The impact of the US election has so far been positive, like it has for most risk asset classes, and appears mainly based on the clearing of a potential hurdle for financial markets rather than any specific emerging market factor. The prospect for greater regulation and restrictions on financial markets plus higher spending pushing up Treasury yields appears to be in check for the time being given the lack of full control of the Senate by Democrats. Even in the event Democrats win both seats in the upcoming runoff in the state of Georgia, their majority would be slim and deciding votes likely dependent on moderate Democrats. However, it is still too early to draw many firm conclusions on future policy given the priority of tackling the current COVID-19 epidemic. Longer term, the primary questions in regard to EMD about the next four years under President-elect Biden are on bilateral relations with China and energy policy. Although it is difficult to ascertain how relations with China will take shape at this point, it is fair to assume that negotiations will be less bombastic than under the outgoing administration, which should eliminate some of the risk premium from the uncertainty of the current Sino-US framework and will be a marginal positive for EMD. On energy policy, the potential for a rapprochement with Iran may offset stricter regulation on unconventional production and therefore should not have a significant impact, although EM producers may benefit if they avoid any stricter form of regulation versus US producers. The positive alignment for EMD from greater fiscal stimulus is that the asset class is geared toward global economic growth, which would benefit from a stronger US consumer. The positive correlation to US domestic risk assets would also add some follow-through to EMD asset prices.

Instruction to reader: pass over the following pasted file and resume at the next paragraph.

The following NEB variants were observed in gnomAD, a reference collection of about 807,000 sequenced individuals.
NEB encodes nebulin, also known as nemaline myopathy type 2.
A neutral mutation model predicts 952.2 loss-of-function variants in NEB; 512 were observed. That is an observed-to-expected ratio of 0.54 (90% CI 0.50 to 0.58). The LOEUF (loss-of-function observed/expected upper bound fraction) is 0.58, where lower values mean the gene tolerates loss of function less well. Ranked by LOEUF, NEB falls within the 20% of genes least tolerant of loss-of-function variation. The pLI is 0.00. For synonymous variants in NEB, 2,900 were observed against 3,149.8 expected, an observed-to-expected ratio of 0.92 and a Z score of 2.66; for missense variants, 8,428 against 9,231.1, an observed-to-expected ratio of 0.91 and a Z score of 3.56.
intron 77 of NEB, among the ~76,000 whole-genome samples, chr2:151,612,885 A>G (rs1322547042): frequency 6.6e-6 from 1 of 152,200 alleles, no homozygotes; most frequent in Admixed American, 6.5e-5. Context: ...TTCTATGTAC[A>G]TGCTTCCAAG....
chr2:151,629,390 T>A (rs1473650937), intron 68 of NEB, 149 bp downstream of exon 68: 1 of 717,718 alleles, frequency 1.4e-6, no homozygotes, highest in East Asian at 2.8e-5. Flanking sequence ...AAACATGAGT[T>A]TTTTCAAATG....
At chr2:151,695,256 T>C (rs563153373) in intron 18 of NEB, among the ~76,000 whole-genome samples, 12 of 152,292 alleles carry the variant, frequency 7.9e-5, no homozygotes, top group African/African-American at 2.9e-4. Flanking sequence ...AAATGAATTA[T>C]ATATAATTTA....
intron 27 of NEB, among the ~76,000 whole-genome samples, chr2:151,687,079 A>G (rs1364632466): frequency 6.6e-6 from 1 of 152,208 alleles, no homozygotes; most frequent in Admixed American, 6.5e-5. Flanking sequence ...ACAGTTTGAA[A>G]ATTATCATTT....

However, the high-quality segment of EM, with a long duration profile and relatively low spreads and yields, has the potential to exhibit weakness in the event that US Treasury yields were to defy the current central bank guidance of rates remaining low for the foreseeable future.

    We do not see the fiscal impact of COVID-19 itself as creating a systematic risk for emerging market debt. COVID-19- related fiscal expansion has generally been largest for those credits with greatest fiscal space and balance sheet deterioration in EMs has been less severe than for advanced economies. We believe that EM countries generally also have increased capacity for debt accumulation, as many of the weaker credits have termed out liabilities in recent years. Rather, we see the financing environment for sovereigns as being the more significant short-term driver of performance differentiation.